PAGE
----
Ousted Chicago Public School Principal Troy LaRaviere was the first to dip his toe in the troubled political waters surrounding Mayor Rahm Emanuel, but he won’t be the last.
One year to the day before mayoral candidates start circulating nominating petitions, the behind-the-scenes maneuvering has begun to determine who will challenge Emanuel, assuming he seeks a third term.
That is not a given.
Emanuel is positioning himself to run. He’s telling his political team to get ready while continuing his frenzied attempt to rehabilitate a public image that took a beating after the court-ordered release of video showing a Chicago Police officer fatally shooting Laquan McDonald.
But he has not made a final decision on whether his polling numbers have rebounded enough to risk facing an angry electorate openly hostile to incumbents.
“He loves the job. But he’s also smart enough to see all sorts of issues out there,” said a mayoral confidante, who asked to that their name not be used.
“He can’t be thinking that the stars line up wonderfully for him. He knows he’d have a devil of a time getting re-elected.”
Another Emanuel adviser said: “While I’m sure the mayor and his wife, Amy, and their family will sit down at the appropriate time to make a final decision, he has made it clear to those of us close to him to get ready.”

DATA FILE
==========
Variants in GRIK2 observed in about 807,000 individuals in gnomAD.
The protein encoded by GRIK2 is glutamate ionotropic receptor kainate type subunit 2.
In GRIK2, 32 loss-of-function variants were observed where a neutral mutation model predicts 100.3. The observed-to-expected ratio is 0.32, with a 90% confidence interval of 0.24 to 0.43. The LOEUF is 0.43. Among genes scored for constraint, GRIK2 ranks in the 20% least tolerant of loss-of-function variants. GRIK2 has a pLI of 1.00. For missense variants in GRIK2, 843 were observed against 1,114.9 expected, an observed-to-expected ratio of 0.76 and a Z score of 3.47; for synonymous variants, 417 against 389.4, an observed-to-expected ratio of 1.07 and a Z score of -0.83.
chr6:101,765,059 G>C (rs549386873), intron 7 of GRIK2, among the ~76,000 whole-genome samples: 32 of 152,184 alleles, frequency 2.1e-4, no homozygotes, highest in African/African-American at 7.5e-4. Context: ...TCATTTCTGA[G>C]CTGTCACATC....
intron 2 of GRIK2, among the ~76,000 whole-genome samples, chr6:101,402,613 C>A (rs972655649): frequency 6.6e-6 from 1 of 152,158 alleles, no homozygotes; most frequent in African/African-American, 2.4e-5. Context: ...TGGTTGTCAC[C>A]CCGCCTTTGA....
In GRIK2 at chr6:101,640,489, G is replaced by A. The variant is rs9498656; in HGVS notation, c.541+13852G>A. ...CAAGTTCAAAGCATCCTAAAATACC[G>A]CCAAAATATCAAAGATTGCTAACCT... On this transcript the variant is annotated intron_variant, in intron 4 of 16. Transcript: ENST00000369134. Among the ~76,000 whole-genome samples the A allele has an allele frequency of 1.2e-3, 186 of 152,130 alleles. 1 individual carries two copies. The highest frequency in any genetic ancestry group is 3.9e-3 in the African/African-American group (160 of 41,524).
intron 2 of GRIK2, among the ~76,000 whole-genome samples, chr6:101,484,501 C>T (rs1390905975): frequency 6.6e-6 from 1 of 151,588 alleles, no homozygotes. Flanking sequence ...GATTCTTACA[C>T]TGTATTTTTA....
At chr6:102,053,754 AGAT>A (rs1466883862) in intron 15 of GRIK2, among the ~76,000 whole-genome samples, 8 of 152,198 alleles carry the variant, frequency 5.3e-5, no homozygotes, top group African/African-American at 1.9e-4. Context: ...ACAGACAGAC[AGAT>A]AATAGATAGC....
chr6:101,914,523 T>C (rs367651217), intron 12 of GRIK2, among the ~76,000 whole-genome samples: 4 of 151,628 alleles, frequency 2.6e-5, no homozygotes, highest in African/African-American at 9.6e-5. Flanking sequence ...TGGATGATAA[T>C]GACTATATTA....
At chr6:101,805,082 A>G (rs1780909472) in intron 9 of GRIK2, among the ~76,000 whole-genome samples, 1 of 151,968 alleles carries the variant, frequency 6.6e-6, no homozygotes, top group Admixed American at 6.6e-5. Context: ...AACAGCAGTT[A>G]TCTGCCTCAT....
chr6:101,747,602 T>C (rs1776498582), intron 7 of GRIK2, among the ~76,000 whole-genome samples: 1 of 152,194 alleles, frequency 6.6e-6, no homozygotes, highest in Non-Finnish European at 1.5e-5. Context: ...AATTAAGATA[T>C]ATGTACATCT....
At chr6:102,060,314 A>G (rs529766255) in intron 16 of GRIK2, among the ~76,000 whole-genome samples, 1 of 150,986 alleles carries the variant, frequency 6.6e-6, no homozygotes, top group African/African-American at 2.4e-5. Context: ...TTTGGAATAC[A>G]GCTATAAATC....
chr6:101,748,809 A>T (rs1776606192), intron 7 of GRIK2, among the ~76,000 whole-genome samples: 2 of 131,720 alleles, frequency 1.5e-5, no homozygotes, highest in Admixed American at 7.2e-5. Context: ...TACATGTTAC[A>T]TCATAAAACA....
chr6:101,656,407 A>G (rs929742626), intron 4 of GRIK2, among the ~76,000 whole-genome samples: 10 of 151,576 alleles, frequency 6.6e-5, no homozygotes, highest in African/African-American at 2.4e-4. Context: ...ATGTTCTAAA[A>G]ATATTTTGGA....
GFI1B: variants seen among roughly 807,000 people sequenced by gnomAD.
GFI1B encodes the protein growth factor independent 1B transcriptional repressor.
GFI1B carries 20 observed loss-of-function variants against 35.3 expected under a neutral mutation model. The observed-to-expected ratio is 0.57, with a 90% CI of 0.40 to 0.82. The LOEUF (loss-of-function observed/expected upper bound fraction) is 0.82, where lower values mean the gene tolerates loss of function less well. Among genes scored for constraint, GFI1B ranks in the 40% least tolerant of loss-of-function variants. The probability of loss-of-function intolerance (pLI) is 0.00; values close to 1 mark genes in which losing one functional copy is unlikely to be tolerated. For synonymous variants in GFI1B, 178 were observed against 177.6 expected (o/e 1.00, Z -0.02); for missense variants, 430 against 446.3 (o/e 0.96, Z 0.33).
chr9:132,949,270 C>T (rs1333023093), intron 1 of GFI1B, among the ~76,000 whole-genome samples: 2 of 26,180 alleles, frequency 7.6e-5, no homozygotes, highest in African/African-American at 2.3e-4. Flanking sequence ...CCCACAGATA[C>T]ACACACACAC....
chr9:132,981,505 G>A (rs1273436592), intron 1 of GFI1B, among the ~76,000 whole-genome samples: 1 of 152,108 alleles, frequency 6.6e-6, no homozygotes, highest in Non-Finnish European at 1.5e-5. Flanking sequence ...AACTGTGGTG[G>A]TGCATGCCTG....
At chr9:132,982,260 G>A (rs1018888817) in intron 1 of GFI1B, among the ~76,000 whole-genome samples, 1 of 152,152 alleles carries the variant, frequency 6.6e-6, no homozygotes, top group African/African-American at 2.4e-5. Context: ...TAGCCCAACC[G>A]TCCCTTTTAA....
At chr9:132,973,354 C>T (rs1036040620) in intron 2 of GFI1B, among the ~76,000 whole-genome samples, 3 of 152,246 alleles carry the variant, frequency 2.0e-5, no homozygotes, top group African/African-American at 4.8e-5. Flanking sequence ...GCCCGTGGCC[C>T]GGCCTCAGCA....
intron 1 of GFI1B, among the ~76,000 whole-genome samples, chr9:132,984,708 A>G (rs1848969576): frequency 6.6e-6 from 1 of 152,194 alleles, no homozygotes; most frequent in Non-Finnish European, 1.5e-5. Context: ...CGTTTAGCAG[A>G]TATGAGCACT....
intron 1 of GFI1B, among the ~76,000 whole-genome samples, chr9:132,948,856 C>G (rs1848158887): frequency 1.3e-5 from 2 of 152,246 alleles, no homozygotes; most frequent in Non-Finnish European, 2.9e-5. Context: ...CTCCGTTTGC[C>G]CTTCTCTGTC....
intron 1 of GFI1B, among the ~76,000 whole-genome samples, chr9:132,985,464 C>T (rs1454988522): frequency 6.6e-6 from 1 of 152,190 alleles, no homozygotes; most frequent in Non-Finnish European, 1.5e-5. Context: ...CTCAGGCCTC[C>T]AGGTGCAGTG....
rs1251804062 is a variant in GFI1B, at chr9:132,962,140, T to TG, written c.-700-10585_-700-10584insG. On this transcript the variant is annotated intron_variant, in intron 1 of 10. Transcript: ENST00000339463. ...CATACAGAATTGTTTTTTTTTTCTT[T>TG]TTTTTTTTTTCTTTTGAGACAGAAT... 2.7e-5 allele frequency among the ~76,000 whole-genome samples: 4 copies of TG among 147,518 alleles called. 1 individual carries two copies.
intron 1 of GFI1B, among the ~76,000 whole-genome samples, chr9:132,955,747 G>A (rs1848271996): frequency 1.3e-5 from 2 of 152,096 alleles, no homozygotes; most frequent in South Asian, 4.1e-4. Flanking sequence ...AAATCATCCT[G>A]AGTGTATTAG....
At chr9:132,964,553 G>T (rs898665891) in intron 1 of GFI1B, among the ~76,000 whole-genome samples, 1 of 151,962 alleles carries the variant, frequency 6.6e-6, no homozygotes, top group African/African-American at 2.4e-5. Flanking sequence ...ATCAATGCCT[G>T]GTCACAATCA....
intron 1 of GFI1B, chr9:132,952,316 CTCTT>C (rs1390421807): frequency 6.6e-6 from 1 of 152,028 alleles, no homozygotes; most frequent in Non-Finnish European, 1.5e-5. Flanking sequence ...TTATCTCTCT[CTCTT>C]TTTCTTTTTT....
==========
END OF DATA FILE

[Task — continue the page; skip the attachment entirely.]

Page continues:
Emanuel points with pride to the progress he has made in solving the financial mess left behind by former Mayor Richard M. Daley.
But Chicago’s nagging homicide rate and the $1.2 billion avalanche of tax increases imposed to help solve the pension crisis — with more on the horizon for the Chicago Public Schools and city pensions — will be political fodder used against him. So will the mayor’s attempt to avoid federal court oversight of the Chicago Police Department.
Emanuel survived Chicago’s first mayoral runoff only after spending $24 million to defeat County Commissioner Jesus “Chuy” Garcia, a relative political unknown. He now has just $1.6 million in the bank.
In spite of the storm clouds hanging over Emanuel, a mayoral ally notes that, “You can’t beat somebody with nobody.” Here’s an early rundown of potential somebodies:
JESUS “CHUY” GARCIA: He lost the runoff by 73,609 votes after getting a late start as a stand-in for Chicago Teachers Union President Karen Lewis and being outspent by a 4-to-1 ratio. This time, Garcia hopes to get a running start with a final decision this fall. He has blasted Emanuel on everything from taxes, schools and crime to his handling of the McDonald video. Emanuel allies question whether voters who concluded last time that Garcia wasn’t up to solving Chicago’s financial crisis would make a different decision this time.
SHERIFF TOM DART: He’s the Hamlet of Chicago politics. That’s how many times Dart has flirted with running for mayor, only to pull the plug. Now, he’s talking about running again. Emanuel allies note that Dart “either can’t or doesn’t like to raise money.” They also point out that “jails are messy places” and that there are certain to be political skeletons buried there for Dart, who has long cultivated an otherwise favorable public image.